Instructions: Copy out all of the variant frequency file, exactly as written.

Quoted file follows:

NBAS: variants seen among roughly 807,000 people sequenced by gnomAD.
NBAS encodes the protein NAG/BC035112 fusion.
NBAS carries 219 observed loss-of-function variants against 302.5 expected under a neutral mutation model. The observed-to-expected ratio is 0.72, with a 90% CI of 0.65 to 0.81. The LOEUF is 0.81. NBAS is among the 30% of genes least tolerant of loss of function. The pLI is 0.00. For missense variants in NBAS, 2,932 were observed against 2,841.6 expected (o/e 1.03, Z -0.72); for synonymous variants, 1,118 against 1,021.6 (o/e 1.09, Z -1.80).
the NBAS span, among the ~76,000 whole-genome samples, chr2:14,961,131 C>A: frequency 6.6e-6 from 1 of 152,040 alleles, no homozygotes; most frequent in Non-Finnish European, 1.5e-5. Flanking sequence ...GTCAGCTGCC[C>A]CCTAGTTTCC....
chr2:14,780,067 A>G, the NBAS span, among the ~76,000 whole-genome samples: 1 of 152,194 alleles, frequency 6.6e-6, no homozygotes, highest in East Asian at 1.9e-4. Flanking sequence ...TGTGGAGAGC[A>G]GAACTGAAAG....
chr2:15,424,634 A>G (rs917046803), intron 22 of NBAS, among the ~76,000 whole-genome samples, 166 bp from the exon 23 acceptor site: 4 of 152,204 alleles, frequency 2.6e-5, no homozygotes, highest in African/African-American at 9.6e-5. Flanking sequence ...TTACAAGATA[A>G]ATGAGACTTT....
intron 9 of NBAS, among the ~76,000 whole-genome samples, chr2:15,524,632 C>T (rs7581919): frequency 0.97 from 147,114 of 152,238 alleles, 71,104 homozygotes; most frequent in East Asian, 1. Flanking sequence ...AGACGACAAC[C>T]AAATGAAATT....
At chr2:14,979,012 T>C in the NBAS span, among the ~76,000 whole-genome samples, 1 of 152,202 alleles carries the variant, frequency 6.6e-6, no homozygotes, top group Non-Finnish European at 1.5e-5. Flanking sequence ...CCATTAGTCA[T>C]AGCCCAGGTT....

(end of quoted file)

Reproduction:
NBAS: variants seen among roughly 807,000 people sequenced by gnomAD.
NBAS encodes the protein NAG/BC035112 fusion.
NBAS carries 219 observed loss-of-function variants against 302.5 expected under a neutral mutation model. The observed-to-expected ratio is 0.72, with a 90% CI of 0.65 to 0.81. The LOEUF is 0.81. NBAS is among the 30% of genes least tolerant of loss of function. The pLI is 0.00. For missense variants in NBAS, 2,932 were observed against 2,841.6 expected (o/e 1.03, Z -0.72); for synonymous variants, 1,118 against 1,021.6 (o/e 1.09, Z -1.80).
the NBAS span, among the ~76,000 whole-genome samples, chr2:14,961,131 C>A: frequency 6.6e-6 from 1 of 152,040 alleles, no homozygotes; most frequent in Non-Finnish European, 1.5e-5. Flanking sequence ...GTCAGCTGCC[C>A]CCTAGTTTCC....
chr2:14,780,067 A>G, the NBAS span, among the ~76,000 whole-genome samples: 1 of 152,194 alleles, frequency 6.6e-6, no homozygotes, highest in East Asian at 1.9e-4. Flanking sequence ...TGTGGAGAGC[A>G]GAACTGAAAG....
chr2:15,424,634 A>G (rs917046803), intron 22 of NBAS, among the ~76,000 whole-genome samples, 166 bp from the exon 23 acceptor site: 4 of 152,204 alleles, frequency 2.6e-5, no homozygotes, highest in African/African-American at 9.6e-5. Flanking sequence ...TTACAAGATA[A>G]ATGAGACTTT....
intron 9 of NBAS, among the ~76,000 whole-genome samples, chr2:15,524,632 C>T (rs7581919): frequency 0.97 from 147,114 of 152,238 alleles, 71,104 homozygotes; most frequent in East Asian, 1. Flanking sequence ...AGACGACAAC[C>T]AAATGAAATT....
At chr2:14,979,012 T>C in the NBAS span, among the ~76,000 whole-genome samples, 1 of 152,202 alleles carries the variant, frequency 6.6e-6, no homozygotes, top group Non-Finnish European at 1.5e-5. Flanking sequence ...CCATTAGTCA[T>C]AGCCCAGGTT....